I-95 Philadelphia northbound

When a section of a significant interstate shuts down right when the calendar hits summertime, the first thought of many — and understandably so — is the logistical nightmare of traffic when it comes to vacations and other travel commitments. What it also means, unfortunately, is the inevitability of supply chain backups certain to affect distributors and frontline cleaning crews alike. 

As reported by BNN Bloomberg, a section of I-95 in Philadelphia collapsed last Sunday, June 11 after a significant tanker-truck fire continued to spread. I-95 holds the distinction as the longest interstate on the East Coast going from north-to-south at 1,924 miles in total, and the recovery efforts will mean the closing of north and southbound lanes for month. Looking to expedite the process, Pennsylvania Governor Josh Shapiro signed off on emergency legislation last week — but as US Transportation Secretary Pete Buttigieg notes, the reconstruction process is projected to affect roughly 150,000 vehicles per day with truckers among the most affected commuters.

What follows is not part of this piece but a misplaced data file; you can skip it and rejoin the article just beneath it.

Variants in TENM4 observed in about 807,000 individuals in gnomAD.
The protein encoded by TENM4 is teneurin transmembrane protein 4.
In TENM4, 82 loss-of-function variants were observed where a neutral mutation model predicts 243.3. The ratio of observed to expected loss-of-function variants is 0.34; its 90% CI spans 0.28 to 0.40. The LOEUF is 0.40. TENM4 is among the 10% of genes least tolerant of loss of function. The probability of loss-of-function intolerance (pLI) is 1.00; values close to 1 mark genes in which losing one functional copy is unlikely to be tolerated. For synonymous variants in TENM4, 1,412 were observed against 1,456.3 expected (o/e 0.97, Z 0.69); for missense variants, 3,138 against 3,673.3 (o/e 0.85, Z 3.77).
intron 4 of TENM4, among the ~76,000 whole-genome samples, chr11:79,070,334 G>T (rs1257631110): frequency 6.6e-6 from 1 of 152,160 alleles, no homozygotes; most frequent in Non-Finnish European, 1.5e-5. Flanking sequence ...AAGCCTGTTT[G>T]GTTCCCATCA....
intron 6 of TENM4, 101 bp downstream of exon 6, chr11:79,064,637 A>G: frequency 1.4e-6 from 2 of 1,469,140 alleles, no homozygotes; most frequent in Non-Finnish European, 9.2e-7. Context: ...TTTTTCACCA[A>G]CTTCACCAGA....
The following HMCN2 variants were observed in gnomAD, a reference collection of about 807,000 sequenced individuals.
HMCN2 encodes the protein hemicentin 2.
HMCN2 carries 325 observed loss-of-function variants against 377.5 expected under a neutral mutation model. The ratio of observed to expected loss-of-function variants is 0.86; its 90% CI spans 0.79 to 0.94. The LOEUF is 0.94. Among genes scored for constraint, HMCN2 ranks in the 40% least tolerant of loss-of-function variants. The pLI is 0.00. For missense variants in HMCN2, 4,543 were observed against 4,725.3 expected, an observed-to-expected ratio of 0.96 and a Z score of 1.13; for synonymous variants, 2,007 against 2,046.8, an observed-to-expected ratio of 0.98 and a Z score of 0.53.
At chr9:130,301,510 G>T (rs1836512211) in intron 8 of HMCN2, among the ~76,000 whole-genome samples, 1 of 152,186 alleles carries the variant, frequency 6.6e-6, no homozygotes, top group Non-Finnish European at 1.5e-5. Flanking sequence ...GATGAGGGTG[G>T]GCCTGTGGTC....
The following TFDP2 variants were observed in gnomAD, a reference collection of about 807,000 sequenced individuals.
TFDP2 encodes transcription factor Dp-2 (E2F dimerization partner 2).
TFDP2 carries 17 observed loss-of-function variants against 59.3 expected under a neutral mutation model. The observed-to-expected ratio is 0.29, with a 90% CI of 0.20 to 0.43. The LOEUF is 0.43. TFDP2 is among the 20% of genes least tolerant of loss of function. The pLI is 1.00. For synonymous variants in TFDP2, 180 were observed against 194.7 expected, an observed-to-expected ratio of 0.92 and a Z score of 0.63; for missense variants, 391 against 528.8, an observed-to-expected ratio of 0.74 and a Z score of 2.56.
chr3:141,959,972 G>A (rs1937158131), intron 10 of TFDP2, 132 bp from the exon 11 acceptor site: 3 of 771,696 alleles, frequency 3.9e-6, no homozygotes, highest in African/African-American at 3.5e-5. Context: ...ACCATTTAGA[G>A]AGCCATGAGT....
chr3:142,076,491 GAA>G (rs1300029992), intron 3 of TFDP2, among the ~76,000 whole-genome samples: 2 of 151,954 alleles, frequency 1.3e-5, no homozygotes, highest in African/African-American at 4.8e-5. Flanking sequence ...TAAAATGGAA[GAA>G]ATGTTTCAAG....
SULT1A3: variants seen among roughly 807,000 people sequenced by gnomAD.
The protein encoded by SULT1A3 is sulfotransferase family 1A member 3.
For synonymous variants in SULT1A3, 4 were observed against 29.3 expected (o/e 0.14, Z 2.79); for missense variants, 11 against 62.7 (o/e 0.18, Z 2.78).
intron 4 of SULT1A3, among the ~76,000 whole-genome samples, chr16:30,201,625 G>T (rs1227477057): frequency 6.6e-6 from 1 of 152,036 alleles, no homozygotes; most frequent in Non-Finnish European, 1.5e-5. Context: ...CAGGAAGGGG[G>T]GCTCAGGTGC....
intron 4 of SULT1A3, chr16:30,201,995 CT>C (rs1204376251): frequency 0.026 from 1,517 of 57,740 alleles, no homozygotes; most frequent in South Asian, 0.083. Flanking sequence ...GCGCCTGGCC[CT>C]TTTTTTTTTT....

Philadelphia currently ranks as the sixth most populated city in the Untied States with roughly 1.6 million occupants. Adding to the expected traffic issues are families who are planning their first extended vacations since the lifting of the COVID-19 Public Health Emergency (PHE)  last month, notes AAA Mid-Atlantic Spokesperson Jana Tidwell. While the reconstruction project is expected to take months, an official timeline is expected to be made available soon per the Philadelphia Transportation Department. 

In related news, read up on how a looming UPS strike could have a significant national impact on the supply chain.